BASED on the FINDINGS OF FACT, this Court makes the following CONCLUSIONS OF LAW:
1.) NCDOT did not acquire the right to occupy the surface of the PUE and DUE to the total exclusion of Defendants. It condemned only an easement—the right to use Defendants’ property for a particular purpose; Defendants retained the fee in the land. Subject to the prohibitions specifically enumerated in the Complaint, Defendants may make any use of the surface of the strip encumbered by the easement which will not interfere with NCDOT's transmission of utilities and drainage of water. Light Co. v. Bowman, 229 N.C. 682, 51 S.E. 2d 191 (1949). Certainly, the use will be limited; but it cannot be said that the right to use it and to traverse it freely has no value to Defendants.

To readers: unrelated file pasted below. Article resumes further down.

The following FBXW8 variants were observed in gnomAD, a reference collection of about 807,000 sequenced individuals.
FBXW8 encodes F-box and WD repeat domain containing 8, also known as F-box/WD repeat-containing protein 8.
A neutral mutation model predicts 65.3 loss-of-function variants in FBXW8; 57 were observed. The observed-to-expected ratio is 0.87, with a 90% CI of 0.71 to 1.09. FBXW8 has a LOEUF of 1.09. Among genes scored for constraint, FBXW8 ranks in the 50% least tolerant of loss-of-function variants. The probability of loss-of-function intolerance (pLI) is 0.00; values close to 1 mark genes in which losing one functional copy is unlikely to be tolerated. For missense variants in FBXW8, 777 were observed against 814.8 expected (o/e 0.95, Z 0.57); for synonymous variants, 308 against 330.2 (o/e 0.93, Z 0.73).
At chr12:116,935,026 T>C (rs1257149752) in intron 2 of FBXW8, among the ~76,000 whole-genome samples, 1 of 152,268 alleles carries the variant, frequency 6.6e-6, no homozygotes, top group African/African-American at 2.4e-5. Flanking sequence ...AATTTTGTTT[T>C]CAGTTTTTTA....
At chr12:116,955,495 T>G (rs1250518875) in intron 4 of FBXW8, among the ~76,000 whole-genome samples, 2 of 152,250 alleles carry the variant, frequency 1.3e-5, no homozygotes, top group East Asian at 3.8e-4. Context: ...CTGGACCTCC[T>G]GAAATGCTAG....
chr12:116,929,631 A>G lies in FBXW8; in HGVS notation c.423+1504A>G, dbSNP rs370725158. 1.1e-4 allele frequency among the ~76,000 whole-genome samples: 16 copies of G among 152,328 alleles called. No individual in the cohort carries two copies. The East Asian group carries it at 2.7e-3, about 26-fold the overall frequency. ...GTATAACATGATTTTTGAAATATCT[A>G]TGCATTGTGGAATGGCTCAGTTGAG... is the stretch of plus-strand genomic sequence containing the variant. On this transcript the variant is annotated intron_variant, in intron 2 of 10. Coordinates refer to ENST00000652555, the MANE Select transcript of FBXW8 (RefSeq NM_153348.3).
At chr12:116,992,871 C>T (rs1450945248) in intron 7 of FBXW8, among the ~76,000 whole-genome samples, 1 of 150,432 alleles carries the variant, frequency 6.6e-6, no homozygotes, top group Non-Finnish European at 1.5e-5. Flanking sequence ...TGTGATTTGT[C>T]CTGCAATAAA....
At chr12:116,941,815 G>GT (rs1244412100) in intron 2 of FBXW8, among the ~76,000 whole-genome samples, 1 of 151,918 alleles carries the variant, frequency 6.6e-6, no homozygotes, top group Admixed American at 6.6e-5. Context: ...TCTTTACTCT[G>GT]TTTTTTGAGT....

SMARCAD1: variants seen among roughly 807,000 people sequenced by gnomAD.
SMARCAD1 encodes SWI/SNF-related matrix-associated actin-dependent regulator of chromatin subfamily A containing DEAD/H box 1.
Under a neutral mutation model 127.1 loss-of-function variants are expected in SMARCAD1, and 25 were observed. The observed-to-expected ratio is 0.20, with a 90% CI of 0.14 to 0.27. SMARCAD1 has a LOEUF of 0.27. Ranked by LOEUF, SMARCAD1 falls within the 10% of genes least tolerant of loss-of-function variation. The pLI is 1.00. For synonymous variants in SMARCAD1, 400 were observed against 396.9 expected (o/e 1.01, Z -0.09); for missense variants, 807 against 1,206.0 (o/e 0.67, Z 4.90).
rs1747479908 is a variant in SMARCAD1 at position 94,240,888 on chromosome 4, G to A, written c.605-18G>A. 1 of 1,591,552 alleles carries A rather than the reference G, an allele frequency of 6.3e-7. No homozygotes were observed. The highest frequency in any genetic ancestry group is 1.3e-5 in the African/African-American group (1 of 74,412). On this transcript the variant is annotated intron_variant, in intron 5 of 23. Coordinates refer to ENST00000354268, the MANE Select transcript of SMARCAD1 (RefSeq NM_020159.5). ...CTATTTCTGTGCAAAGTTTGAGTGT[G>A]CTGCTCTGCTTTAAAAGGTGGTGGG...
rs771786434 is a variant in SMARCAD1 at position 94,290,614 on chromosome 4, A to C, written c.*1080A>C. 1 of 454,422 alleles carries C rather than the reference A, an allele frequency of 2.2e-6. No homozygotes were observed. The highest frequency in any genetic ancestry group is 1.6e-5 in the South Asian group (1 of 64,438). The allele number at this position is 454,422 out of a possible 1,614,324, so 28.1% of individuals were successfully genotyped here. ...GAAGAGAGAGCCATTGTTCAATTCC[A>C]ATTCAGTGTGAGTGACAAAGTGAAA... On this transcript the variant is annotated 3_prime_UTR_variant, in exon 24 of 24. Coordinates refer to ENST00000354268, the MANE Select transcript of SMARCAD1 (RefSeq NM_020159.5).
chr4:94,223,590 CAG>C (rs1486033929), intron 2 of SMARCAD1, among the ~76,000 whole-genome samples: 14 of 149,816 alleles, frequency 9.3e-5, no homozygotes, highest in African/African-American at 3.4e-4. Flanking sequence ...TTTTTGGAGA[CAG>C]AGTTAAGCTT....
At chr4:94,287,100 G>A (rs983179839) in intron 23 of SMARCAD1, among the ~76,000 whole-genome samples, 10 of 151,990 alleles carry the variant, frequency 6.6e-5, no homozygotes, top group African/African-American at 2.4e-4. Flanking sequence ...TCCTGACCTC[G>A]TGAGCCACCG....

The general law regarding easements provides, it is well-settled that an easement “extends to all uses directly or incidentally conducive to the advancement of the purpose for which the land was acquired, and to no others; and the owner retains the title to the land in fee and the right to make any use of it that does not interfere with the full and free exercise of the public easement.” 26 Am. Jur. 2d Eminent Domain, § 133, p. 794. See City of Statesville v. Bowles, 6 N.C. App. 124, 130, 169 S.E.2d 467, 471 (1969) (which also held with respect to an easement taken by eminent domain that an easement “extends to all uses directly or incidentally conducive to the advancement of the purpose for which the land was acquired, and to no others; and the owner retains the title to the land in fee and the right to make any use of it that does not interfere with the full and free exercise of the public easement.”)